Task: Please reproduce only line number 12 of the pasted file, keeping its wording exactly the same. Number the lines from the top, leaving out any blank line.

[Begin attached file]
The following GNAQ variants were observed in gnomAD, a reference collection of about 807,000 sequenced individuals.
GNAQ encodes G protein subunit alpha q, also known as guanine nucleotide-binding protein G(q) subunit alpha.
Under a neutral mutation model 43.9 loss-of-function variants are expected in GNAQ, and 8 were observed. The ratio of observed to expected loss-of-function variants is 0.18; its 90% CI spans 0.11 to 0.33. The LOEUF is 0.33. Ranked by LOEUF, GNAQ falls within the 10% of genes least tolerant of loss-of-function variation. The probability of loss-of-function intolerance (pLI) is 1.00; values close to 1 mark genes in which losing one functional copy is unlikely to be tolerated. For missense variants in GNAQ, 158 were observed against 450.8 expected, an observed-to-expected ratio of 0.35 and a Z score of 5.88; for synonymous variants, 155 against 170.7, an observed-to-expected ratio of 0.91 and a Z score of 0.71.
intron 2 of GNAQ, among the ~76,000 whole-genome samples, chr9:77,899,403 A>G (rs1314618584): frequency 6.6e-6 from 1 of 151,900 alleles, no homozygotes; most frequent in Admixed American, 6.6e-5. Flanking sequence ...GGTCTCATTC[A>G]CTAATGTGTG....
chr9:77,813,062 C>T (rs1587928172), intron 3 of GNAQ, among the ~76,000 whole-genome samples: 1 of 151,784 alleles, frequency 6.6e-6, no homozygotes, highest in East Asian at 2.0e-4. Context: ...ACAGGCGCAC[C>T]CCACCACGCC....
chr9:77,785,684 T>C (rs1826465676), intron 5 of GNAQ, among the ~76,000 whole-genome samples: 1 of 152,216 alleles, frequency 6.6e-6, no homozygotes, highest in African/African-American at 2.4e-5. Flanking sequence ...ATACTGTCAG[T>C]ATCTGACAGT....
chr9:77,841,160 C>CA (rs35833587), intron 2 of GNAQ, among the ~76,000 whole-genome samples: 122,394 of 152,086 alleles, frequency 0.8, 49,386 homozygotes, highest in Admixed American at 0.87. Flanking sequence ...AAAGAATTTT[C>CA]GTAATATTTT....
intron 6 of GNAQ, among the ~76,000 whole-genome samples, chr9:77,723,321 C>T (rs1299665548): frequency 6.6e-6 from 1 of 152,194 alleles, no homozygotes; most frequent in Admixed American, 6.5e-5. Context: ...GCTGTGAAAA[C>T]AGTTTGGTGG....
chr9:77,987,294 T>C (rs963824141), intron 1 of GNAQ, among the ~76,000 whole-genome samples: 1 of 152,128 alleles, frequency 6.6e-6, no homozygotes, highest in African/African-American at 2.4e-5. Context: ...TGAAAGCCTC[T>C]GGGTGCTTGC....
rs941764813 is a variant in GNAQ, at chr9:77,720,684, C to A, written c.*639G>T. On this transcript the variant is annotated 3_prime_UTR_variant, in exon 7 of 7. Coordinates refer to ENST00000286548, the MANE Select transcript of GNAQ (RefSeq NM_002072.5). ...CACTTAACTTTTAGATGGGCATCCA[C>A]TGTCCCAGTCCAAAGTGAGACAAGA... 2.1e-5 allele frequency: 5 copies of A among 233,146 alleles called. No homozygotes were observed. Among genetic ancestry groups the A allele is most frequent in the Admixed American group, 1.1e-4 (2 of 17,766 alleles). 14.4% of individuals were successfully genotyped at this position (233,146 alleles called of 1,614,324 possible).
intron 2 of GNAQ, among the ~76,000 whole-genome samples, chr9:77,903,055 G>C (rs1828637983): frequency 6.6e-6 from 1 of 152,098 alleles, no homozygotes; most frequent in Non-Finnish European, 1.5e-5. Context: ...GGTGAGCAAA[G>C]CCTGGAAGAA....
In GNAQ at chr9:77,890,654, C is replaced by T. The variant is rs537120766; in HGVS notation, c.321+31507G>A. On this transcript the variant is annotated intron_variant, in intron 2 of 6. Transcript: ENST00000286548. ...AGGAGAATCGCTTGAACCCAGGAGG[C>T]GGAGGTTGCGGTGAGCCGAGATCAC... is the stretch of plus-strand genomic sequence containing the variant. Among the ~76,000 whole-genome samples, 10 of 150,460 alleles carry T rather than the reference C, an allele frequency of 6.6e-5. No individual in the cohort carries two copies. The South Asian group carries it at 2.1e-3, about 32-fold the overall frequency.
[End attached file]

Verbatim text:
In GNAQ at chr9:77,890,654, C is replaced by T. The variant is rs537120766; in HGVS notation, c.321+31507G>A. On this transcript the variant is annotated intron_variant, in intron 2 of 6. Transcript: ENST00000286548. ...AGGAGAATCGCTTGAACCCAGGAGG[C>T]GGAGGTTGCGGTGAGCCGAGATCAC... is the stretch of plus-strand genomic sequence containing the variant. Among the ~76,000 whole-genome samples, 10 of 150,460 alleles carry T rather than the reference C, an allele frequency of 6.6e-5. No individual in the cohort carries two copies. The South Asian group carries it at 2.1e-3, about 32-fold the overall frequency.